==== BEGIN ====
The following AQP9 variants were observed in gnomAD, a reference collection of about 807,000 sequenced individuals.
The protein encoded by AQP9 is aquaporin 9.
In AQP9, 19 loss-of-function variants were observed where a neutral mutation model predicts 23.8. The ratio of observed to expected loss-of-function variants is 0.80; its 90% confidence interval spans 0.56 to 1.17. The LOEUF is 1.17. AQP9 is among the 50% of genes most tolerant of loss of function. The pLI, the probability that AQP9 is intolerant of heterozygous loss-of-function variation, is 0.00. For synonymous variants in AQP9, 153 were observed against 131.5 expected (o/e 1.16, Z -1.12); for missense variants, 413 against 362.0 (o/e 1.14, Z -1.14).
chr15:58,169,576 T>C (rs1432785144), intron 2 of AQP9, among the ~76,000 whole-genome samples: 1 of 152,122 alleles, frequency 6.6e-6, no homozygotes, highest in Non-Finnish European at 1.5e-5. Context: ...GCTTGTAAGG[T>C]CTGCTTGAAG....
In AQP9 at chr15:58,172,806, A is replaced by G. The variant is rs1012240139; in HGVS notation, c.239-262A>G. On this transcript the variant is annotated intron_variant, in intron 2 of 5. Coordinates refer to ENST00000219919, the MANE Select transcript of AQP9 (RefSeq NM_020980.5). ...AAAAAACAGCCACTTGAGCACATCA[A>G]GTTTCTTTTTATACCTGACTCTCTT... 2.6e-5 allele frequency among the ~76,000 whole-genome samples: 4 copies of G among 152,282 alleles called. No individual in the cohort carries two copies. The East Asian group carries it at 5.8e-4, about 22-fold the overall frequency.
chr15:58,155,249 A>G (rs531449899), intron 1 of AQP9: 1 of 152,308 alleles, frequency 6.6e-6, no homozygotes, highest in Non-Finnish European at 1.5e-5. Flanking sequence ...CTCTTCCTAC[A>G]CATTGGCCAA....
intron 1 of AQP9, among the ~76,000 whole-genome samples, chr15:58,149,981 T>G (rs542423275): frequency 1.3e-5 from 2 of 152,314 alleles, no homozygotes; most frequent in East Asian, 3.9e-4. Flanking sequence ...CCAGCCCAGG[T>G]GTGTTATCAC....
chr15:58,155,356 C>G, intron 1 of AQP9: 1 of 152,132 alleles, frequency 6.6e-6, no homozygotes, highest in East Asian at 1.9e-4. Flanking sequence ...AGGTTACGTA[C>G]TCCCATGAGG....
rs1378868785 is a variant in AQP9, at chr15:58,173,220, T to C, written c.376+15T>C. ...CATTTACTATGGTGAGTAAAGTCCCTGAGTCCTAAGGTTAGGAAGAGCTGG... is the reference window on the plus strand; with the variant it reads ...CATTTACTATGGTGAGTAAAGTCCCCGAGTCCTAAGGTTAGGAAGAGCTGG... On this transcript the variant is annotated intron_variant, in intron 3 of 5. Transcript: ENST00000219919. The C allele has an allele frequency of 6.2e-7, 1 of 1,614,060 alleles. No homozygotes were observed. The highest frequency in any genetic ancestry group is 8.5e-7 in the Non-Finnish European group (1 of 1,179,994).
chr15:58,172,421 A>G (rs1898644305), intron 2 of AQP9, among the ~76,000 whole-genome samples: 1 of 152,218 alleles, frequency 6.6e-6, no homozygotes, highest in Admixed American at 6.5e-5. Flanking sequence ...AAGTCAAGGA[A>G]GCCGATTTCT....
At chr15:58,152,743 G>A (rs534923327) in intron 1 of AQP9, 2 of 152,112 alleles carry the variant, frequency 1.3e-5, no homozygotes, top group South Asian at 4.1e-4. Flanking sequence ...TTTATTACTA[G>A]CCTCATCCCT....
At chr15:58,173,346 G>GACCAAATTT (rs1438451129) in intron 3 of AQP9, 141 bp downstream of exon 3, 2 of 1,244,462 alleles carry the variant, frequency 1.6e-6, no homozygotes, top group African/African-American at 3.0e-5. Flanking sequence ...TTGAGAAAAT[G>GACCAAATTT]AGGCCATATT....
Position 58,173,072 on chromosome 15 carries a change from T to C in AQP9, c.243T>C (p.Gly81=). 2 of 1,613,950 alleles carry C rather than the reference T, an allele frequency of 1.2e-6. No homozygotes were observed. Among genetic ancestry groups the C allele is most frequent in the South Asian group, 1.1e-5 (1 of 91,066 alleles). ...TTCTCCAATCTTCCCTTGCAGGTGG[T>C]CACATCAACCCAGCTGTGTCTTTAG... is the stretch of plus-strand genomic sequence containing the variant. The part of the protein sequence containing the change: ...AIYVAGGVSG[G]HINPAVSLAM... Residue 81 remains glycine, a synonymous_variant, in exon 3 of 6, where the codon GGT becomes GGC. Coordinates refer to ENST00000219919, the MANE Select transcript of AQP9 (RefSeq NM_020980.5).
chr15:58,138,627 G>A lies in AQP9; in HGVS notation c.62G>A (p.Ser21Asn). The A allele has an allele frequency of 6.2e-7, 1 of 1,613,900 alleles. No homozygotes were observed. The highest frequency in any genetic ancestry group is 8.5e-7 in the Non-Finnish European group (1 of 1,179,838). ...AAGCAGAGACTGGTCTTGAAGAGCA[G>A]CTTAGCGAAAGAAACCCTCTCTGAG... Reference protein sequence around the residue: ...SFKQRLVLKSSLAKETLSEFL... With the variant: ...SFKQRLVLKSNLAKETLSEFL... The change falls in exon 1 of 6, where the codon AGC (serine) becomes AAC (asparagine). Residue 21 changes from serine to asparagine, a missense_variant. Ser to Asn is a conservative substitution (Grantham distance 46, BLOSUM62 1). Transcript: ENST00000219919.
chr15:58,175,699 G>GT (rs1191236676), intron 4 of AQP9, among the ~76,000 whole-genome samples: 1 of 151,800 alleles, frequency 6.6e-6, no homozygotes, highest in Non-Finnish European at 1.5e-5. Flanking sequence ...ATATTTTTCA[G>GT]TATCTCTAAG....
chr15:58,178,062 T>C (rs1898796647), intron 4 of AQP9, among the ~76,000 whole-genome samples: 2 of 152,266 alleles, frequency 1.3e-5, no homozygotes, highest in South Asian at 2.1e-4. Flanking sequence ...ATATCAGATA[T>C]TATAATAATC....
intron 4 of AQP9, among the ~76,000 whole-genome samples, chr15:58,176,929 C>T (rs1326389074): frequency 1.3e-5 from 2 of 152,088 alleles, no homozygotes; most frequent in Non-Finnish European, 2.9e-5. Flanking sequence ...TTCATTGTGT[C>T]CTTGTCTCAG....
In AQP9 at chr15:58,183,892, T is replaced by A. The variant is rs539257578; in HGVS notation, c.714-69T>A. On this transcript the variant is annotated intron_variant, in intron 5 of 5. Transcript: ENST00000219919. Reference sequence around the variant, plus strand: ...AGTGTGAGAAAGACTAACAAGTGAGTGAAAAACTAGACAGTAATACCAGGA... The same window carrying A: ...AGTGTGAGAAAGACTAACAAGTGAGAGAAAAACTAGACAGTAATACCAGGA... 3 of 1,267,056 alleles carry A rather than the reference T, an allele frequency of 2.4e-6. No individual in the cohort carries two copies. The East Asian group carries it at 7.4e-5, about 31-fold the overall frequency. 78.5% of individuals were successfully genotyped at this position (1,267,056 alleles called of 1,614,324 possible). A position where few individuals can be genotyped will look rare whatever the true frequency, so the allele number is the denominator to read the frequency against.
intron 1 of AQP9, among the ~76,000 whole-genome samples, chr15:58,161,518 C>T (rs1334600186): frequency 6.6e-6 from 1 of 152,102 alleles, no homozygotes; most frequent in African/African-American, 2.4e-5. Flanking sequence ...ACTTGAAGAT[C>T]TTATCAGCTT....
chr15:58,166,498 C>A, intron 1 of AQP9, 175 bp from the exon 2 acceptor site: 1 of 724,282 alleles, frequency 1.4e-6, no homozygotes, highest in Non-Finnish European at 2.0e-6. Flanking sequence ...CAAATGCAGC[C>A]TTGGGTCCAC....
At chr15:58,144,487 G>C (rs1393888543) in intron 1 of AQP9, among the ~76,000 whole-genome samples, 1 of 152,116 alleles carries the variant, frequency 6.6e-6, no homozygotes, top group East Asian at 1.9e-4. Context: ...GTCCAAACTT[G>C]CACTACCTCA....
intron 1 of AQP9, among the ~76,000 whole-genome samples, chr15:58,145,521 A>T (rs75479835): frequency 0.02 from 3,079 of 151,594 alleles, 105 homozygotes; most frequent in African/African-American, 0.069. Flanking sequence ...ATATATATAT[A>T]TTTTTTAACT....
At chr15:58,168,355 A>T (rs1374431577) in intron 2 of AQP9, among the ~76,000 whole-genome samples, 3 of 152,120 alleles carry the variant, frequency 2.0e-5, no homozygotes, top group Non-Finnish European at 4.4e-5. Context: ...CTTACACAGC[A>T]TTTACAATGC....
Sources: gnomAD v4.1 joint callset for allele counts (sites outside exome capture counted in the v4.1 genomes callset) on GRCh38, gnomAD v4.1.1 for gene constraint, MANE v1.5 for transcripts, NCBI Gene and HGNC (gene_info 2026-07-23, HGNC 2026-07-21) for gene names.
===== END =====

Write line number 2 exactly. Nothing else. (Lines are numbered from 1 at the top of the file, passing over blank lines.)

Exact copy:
The protein encoded by AQP9 is aquaporin 9.